Initiatives against child labor continue

Child labor is still a cause for concern in the Province of Iloilo. According to statistics gathered by the ABK2 Initiative of World Vision International, as of September 2009, there are 2,104 children who are engaged in child labor and 546 at risk of becoming child laborers in the municipalities of Ajuy (727), Duenas (436), Estancia (721), Iloilo City (157) and San Enrique (609).

Most of these numbers are in the sugarcane plantations, where 1,125 children are working there, followed by 701 who are into scavenging, 452 in fishing, 362 in domestic work, six in commercial sexual exploitation and four in agriculture.

RISKS

Child laborers expose themselves to risks. According to the statistics provided by the National Survey on Children 2001, National Statistics Office, 2.4-million of four million children (59 percent) were exposed to chemical, physical and/or biological hazards. The chemical hazards are silica dust, saw dust, oil, gasoline, mercury, mist, fumes, vapors, ammonia, to name a few. The physical hazards are noise, temperature, humidity, pressure, inadequate illumination, slip/trip/fall hazards, radiation, etc. The biological hazards are viral, bacterial, fungal and parasitic.

BREAKING THE LAW

To those who are not aware of this yet, exposing the child who is under 18 years old to child labor is violating the law.

Republic Act 9231 is an act providing for the elimination of the worst forms of child labor and affording stronger protection for the working child, amending Republic Act 7610, as amended, otherwise known as the “Special Protection of Children Against Child Abuse, Exploitation and Discrimination Act.” This act applies to children below 18 years old. The violation of this act would mean imprisonment of one month until six years and a fine of not less than P50,000 and not more than P300,000. Those who can file a case against the offender are the offender party, the parents or guardians (most of the times, they are the offending parties), ascendant or collateral relative within the third degree of consanguinity; officer, social worker or representative of a licensed child-caring institution; officer or social worker of the Department of Social Welfare and Development; Barangay chairman of the place where the violation occurred, where the child is residing or employed; or at least three concerned, responsible citizens where the violation occurred.”

KEEPING THEM IN SCHOOL

Children have rights to enjoy their childhood and that includes the right to a good education. But, due to poverty, they are forced or they themselves volunteer to help their parents in earning money.

Some children help out because they want extra money to go to school. However, they are the ones who do not perform well in school because instead of spending time studying, they help their parents in jobs like fishing, scavenging and the like. Take the case of Jeff, who used to be late in school. His former teacher, Ma. Edelyn Capanas of Estancia National High School, said that by 4 in the afternoon, Jeff already rushes home, which is three kilometers from the school. After that, he would join his father in “taksay” fishing (mostly catching shrimps and crabs) and this would last until 4 in the morning. Then, Jeff would prepare for school. While in school, he ends up dozing off, wasting his opportunity to learn.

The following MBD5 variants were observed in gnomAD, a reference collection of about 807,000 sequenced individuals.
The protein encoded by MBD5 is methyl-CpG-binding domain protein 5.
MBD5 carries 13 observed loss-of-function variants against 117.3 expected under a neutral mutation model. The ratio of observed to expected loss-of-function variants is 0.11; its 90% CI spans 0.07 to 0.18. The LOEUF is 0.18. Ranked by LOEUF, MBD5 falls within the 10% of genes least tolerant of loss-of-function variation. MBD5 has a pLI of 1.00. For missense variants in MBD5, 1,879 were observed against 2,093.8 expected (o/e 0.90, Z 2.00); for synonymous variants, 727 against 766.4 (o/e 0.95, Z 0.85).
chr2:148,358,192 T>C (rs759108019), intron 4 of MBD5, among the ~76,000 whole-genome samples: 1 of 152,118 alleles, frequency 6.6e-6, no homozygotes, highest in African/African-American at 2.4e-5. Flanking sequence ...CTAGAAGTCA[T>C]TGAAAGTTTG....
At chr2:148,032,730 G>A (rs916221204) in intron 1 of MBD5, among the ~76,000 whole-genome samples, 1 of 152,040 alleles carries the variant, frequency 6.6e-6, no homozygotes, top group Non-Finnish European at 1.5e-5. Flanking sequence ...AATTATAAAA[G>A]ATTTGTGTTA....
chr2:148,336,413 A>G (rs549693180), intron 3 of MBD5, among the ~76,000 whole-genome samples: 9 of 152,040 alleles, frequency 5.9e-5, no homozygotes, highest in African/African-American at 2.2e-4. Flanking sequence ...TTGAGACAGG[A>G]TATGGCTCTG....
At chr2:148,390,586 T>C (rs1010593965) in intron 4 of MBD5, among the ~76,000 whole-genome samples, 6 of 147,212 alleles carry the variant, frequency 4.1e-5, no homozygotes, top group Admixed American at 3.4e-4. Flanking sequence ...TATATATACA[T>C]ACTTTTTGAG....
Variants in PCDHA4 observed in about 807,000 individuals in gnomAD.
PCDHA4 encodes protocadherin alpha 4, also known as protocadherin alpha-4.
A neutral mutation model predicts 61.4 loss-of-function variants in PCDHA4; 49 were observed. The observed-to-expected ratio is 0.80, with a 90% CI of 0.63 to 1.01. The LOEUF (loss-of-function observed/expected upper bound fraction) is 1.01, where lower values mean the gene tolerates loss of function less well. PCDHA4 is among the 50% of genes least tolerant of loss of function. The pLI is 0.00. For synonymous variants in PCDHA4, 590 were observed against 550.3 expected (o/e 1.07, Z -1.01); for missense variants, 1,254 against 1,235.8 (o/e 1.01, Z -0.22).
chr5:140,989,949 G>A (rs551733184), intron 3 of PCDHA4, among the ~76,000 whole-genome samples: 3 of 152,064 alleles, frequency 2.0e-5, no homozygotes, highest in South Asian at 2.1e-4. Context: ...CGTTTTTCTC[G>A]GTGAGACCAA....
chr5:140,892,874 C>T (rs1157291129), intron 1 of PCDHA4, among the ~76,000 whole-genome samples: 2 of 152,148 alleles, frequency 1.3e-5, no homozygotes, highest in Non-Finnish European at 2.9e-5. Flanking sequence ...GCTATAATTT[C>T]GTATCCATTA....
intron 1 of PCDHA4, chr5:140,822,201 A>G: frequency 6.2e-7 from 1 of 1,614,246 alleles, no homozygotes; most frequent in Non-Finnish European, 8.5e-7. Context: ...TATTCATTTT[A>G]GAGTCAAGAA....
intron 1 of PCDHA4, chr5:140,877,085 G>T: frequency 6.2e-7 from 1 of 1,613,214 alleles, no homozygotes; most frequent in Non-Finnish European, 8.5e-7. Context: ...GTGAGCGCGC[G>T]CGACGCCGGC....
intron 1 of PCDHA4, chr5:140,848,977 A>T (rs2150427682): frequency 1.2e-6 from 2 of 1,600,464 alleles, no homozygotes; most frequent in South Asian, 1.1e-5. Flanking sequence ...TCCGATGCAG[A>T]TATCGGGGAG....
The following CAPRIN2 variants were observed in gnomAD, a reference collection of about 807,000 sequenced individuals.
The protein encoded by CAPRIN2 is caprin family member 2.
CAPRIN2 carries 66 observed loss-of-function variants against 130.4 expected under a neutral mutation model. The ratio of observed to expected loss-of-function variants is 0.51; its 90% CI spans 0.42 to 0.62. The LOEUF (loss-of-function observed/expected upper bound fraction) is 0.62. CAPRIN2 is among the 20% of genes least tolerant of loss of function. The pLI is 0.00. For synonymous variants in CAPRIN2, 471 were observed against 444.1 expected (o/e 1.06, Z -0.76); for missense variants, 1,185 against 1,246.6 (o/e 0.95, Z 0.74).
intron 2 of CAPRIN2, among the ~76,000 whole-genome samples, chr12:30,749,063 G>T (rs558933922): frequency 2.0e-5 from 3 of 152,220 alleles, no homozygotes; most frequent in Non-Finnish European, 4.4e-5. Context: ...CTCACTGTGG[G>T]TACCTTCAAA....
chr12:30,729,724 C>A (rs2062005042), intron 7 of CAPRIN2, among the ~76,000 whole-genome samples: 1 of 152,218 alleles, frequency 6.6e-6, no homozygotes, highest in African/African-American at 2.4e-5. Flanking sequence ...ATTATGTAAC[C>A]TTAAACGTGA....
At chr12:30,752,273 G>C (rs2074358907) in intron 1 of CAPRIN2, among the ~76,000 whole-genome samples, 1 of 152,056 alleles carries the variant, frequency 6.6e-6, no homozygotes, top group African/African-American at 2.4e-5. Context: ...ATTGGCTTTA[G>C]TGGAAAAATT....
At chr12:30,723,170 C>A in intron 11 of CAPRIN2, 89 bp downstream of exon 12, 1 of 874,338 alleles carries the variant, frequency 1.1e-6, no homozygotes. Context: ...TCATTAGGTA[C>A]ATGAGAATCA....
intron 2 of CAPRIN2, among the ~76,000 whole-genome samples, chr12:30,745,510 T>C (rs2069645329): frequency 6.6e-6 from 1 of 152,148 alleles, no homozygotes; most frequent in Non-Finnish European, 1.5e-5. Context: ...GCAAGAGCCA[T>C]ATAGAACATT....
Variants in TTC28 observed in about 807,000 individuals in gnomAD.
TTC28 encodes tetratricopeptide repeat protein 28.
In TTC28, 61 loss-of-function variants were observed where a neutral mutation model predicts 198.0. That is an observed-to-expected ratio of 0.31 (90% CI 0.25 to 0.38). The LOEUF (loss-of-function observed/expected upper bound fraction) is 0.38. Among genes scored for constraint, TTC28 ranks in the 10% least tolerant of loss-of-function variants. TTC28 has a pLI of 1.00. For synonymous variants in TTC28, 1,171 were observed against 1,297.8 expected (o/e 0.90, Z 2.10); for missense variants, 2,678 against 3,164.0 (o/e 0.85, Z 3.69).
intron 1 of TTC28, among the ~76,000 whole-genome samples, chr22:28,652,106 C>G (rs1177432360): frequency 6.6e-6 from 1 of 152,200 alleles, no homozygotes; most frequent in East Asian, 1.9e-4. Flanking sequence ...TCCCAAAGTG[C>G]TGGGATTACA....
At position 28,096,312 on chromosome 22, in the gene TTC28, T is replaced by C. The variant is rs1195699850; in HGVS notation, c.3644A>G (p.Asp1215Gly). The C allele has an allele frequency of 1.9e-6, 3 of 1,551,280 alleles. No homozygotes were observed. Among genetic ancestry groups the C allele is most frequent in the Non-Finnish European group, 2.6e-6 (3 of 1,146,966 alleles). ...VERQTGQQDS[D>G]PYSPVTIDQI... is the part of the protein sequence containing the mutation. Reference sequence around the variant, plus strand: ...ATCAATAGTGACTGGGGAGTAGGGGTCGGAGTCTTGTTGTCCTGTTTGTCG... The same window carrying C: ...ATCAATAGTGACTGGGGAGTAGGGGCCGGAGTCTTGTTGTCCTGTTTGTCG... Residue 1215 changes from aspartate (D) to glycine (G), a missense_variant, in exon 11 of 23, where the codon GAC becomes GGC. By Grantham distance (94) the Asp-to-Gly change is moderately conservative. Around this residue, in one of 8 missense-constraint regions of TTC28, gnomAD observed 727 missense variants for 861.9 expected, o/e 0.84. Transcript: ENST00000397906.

With World Vision International’s ABK2 Initiative, Jeff no longer had to help his father because the said organization funded his education, as well as his school supplies and some groceries. Jeff stayed in school and is already doing well in his studies and enjoying his childhood.

ABK2 Initiative is a four-year project funded by the United States Department of Labor implemented by World Vision Development Foundation in the municipalities of Ajuy and Estancia. The project aims to contribute to the sustainable reduction of exploitive child labor through education. To date, they have already assisted 1,500 children in their educational needs.

TRAINING TEACHERS

Another way to ensure that child laborers are not left behind in their studies and for them to look forward to going to school, the ABK2 Initiative trained teachers into becoming better mentors, not just classroom teachers, per se. According to Daphne Calanag, project director of the ABK2 Initiative, the trained teachers become partners in social development, they acquired skills in research, advocacy and networking, become more animated in teaching like using play and games, and become documentors.

Under the ABK2 Initiative, good performing students are also trained to become “little teachers” who help out other students in the catch-up class every Saturday. This class lasts for two hours.
Calanag noted improvements in the children’s school performance because of this initiative.
Mildred Garay, Department of Educational Regional Director said that she plans to replicate the ABK2 Initiative’s sytem to the rest of the provincial schools. She urged the ABK2 teachers from Estancia and Ajuy, to document their best practices and share them with the Department. “Hopefully, we could implement this in the next school year,” she said.

(Published in The News Today)

Check out these popular posts, too

Hip-hop dancer turned entrepreneur helps people get jobs

Guimaras: the island that fits your taste

Balay Binhi: raising kind and creative individuals

More job opportunities up for Ilonggos in Iloilo Business Park

SM City Iloilo launches solar panels

Sino ang panalo? Ang bully or ang api?

The San Lorenzo Wind Farm and a brighter future for renewable energy

10 must-eats at DoVa Brunch Cafe

Amid poverty, these Ilonggo moms raised successful children

The inspiring story of ‘Fish’